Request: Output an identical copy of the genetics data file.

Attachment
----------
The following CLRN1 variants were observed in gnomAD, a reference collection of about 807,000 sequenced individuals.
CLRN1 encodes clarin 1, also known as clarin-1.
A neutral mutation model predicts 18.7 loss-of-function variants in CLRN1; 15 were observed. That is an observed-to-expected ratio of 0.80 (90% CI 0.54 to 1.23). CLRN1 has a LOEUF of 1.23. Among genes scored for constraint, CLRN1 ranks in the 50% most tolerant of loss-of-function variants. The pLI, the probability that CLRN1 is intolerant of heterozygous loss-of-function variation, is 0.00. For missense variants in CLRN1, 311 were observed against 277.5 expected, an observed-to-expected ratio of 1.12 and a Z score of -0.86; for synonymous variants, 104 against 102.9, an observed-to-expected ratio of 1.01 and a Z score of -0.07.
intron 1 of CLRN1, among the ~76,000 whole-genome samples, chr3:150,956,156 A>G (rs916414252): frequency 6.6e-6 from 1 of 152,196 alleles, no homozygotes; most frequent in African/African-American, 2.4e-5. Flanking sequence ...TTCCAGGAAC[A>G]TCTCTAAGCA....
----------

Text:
The following CLRN1 variants were observed in gnomAD, a reference collection of about 807,000 sequenced individuals.
CLRN1 encodes clarin 1, also known as clarin-1.
A neutral mutation model predicts 18.7 loss-of-function variants in CLRN1; 15 were observed. That is an observed-to-expected ratio of 0.80 (90% CI 0.54 to 1.23). CLRN1 has a LOEUF of 1.23. Among genes scored for constraint, CLRN1 ranks in the 50% most tolerant of loss-of-function variants. The pLI, the probability that CLRN1 is intolerant of heterozygous loss-of-function variation, is 0.00. For missense variants in CLRN1, 311 were observed against 277.5 expected, an observed-to-expected ratio of 1.12 and a Z score of -0.86; for synonymous variants, 104 against 102.9, an observed-to-expected ratio of 1.01 and a Z score of -0.07.
intron 1 of CLRN1, among the ~76,000 whole-genome samples, chr3:150,956,156 A>G (rs916414252): frequency 6.6e-6 from 1 of 152,196 alleles, no homozygotes; most frequent in African/African-American, 2.4e-5. Flanking sequence ...TTCCAGGAAC[A>G]TCTCTAAGCA....